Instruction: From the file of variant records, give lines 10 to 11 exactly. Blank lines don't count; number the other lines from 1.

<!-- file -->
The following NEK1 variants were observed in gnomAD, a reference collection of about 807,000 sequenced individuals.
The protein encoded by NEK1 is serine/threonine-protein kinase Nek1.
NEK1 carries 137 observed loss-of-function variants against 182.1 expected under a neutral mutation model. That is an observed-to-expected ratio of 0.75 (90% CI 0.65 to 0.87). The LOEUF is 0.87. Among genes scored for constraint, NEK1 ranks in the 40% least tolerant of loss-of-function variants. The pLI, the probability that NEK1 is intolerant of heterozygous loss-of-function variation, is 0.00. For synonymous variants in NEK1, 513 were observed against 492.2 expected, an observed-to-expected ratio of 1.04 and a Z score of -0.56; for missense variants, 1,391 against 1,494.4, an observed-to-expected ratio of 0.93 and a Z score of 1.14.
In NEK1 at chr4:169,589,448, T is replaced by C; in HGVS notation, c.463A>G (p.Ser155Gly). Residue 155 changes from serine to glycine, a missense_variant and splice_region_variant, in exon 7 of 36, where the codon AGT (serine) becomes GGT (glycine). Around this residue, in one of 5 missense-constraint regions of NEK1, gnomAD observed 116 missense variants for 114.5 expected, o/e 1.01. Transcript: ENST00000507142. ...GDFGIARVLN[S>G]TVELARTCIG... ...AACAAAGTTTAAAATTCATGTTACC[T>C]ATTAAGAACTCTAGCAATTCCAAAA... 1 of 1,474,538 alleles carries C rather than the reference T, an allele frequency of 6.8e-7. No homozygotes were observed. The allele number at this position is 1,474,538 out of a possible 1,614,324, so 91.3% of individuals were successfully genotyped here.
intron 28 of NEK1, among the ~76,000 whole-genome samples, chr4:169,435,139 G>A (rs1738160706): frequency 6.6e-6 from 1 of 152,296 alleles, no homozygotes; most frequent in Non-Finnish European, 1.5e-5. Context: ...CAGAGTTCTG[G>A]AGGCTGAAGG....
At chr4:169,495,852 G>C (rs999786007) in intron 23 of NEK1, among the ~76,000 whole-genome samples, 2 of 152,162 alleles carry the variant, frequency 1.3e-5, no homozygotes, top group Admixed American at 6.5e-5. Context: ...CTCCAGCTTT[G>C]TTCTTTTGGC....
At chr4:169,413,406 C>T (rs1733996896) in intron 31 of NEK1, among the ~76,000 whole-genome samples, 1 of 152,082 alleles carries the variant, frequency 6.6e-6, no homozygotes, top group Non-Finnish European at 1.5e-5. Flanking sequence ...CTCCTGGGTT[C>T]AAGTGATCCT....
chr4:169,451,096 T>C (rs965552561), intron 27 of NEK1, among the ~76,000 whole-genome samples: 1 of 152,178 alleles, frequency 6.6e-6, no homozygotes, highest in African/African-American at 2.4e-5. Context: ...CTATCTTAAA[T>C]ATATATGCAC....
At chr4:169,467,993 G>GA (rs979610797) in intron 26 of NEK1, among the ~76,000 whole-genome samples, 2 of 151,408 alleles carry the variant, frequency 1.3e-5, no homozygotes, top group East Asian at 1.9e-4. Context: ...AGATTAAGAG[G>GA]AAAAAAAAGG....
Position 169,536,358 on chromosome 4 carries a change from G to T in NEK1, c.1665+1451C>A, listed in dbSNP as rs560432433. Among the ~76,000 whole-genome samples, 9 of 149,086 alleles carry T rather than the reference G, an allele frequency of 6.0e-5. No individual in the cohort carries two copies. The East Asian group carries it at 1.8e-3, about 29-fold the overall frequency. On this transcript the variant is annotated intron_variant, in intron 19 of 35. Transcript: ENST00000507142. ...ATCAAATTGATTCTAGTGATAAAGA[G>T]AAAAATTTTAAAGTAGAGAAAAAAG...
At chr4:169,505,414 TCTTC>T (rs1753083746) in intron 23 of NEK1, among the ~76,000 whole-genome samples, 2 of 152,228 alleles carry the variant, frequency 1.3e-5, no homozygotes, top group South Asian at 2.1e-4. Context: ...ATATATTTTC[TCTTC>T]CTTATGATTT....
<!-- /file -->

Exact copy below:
Position 169,536,358 on chromosome 4 carries a change from G to T in NEK1, c.1665+1451C>A, listed in dbSNP as rs560432433. Among the ~76,000 whole-genome samples, 9 of 149,086 alleles carry T rather than the reference G, an allele frequency of 6.0e-5. No individual in the cohort carries two copies. The East Asian group carries it at 1.8e-3, about 29-fold the overall frequency. On this transcript the variant is annotated intron_variant, in intron 19 of 35. Transcript: ENST00000507142. ...ATCAAATTGATTCTAGTGATAAAGA[G>T]AAAAATTTTAAAGTAGAGAAAAAAG...
At chr4:169,505,414 TCTTC>T (rs1753083746) in intron 23 of NEK1, among the ~76,000 whole-genome samples, 2 of 152,228 alleles carry the variant, frequency 1.3e-5, no homozygotes, top group South Asian at 2.1e-4. Context: ...ATATATTTTC[TCTTC>T]CTTATGATTT....